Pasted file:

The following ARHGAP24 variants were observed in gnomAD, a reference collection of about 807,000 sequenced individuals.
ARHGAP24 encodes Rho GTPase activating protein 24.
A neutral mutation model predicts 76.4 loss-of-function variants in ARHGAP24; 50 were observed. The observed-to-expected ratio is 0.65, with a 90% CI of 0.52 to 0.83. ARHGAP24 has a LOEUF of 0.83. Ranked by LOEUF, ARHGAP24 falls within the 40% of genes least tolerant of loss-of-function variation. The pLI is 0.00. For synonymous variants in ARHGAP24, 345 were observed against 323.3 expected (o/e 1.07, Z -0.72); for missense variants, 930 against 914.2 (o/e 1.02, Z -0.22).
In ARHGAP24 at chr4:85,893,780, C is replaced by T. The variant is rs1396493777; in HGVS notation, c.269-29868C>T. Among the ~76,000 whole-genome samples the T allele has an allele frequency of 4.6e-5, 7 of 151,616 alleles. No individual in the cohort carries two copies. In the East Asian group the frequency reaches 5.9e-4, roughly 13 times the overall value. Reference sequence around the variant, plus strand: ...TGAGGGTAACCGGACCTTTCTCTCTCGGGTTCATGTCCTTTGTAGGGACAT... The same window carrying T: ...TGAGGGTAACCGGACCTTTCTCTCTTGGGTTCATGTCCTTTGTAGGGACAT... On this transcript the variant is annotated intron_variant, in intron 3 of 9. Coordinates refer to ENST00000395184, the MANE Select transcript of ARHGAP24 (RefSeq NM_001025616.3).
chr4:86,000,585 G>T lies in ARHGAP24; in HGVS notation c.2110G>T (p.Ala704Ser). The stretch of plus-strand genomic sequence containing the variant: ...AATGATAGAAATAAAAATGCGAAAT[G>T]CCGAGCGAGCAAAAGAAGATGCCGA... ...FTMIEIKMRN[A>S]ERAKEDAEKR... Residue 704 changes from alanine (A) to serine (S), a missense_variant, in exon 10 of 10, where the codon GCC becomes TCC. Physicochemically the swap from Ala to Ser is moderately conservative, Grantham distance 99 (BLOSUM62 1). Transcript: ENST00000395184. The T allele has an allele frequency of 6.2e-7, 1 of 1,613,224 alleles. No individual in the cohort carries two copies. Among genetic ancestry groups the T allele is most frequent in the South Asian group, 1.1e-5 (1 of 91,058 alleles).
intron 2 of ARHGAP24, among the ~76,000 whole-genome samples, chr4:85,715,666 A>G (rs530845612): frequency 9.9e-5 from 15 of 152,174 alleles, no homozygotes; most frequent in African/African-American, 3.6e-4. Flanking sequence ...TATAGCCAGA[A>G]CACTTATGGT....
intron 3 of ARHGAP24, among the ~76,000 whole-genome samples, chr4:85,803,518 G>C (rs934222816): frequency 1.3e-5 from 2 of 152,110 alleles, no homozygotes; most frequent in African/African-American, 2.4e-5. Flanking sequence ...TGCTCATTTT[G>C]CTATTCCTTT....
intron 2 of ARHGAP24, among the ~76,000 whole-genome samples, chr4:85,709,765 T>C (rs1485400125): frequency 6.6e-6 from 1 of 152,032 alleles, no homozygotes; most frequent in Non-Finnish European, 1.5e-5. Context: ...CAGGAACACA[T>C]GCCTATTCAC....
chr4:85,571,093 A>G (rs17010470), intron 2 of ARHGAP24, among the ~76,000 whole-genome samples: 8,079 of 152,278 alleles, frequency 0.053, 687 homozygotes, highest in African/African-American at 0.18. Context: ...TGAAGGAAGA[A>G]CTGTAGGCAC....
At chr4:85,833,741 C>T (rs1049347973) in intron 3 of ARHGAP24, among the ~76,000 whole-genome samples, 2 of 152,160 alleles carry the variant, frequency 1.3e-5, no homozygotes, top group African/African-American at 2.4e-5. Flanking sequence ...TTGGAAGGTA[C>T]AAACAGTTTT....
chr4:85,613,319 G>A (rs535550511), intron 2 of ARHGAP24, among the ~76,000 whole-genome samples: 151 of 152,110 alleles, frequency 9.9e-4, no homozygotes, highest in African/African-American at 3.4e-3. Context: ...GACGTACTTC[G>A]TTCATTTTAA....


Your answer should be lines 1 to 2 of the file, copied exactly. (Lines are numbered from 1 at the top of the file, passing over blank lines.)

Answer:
The following ARHGAP24 variants were observed in gnomAD, a reference collection of about 807,000 sequenced individuals.
ARHGAP24 encodes Rho GTPase activating protein 24.